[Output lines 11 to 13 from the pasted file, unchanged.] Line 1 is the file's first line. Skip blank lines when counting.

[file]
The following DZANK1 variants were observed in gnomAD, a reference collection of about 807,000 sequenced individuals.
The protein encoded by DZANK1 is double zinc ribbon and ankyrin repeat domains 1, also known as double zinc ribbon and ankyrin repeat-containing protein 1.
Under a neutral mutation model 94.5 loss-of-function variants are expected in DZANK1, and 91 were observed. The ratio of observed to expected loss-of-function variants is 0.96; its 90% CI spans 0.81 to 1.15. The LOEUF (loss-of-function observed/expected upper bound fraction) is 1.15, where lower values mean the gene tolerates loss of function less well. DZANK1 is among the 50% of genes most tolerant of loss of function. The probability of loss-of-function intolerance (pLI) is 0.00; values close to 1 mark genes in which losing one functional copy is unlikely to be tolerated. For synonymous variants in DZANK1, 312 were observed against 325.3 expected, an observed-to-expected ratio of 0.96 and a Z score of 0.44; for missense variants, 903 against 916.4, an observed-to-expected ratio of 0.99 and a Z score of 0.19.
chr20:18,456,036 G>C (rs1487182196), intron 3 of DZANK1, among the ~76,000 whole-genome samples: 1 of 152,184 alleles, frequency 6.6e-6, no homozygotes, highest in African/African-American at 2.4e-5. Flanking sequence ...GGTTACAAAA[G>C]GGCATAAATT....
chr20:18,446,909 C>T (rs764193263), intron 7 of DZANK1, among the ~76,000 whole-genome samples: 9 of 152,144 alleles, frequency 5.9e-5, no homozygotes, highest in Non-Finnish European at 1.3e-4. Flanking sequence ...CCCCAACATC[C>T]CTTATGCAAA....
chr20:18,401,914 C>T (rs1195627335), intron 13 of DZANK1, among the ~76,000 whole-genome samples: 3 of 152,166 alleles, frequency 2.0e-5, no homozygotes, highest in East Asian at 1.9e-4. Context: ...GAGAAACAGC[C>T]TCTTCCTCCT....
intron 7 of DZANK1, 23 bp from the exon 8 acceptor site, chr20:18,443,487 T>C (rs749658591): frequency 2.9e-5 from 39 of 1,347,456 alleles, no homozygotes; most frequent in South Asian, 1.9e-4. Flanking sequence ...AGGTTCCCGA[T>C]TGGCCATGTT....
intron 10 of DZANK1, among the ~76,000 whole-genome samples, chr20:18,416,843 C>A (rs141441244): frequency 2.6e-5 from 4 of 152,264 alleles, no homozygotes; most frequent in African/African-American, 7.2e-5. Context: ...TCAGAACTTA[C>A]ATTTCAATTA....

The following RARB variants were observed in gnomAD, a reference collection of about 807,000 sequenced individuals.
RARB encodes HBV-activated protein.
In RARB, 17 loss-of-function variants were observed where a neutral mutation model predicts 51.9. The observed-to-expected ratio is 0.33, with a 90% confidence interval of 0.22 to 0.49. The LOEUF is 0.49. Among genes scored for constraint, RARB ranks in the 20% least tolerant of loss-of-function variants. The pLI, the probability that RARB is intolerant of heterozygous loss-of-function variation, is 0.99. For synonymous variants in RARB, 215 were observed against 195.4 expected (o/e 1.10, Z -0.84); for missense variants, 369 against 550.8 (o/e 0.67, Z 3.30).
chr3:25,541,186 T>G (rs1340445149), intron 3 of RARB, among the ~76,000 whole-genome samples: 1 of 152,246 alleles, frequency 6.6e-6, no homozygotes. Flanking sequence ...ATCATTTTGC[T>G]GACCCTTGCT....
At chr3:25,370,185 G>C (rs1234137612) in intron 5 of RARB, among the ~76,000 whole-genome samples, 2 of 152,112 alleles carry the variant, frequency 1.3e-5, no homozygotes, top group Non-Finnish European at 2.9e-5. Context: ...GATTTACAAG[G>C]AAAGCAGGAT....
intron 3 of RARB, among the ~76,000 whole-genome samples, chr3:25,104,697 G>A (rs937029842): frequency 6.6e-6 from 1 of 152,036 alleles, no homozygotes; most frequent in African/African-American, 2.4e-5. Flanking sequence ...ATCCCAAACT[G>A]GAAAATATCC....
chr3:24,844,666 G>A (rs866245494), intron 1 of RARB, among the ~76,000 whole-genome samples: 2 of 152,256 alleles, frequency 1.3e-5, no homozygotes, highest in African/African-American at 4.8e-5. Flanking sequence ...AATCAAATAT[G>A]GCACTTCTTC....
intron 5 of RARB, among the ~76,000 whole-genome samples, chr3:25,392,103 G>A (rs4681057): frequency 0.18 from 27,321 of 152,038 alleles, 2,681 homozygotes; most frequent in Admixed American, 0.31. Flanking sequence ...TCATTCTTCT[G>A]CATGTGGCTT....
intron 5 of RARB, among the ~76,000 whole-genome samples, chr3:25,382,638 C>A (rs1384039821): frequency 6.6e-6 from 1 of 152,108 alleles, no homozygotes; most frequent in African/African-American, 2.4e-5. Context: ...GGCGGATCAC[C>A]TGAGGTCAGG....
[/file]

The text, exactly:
In RARB, 17 loss-of-function variants were observed where a neutral mutation model predicts 51.9. The observed-to-expected ratio is 0.33, with a 90% confidence interval of 0.22 to 0.49. The LOEUF is 0.49. Among genes scored for constraint, RARB ranks in the 20% least tolerant of loss-of-function variants. The pLI, the probability that RARB is intolerant of heterozygous loss-of-function variation, is 0.99. For synonymous variants in RARB, 215 were observed against 195.4 expected (o/e 1.10, Z -0.84); for missense variants, 369 against 550.8 (o/e 0.67, Z 3.30).
chr3:25,541,186 T>G (rs1340445149), intron 3 of RARB, among the ~76,000 whole-genome samples: 1 of 152,246 alleles, frequency 6.6e-6, no homozygotes. Flanking sequence ...ATCATTTTGC[T>G]GACCCTTGCT....
At chr3:25,370,185 G>C (rs1234137612) in intron 5 of RARB, among the ~76,000 whole-genome samples, 2 of 152,112 alleles carry the variant, frequency 1.3e-5, no homozygotes, top group Non-Finnish European at 2.9e-5. Context: ...GATTTACAAG[G>C]AAAGCAGGAT....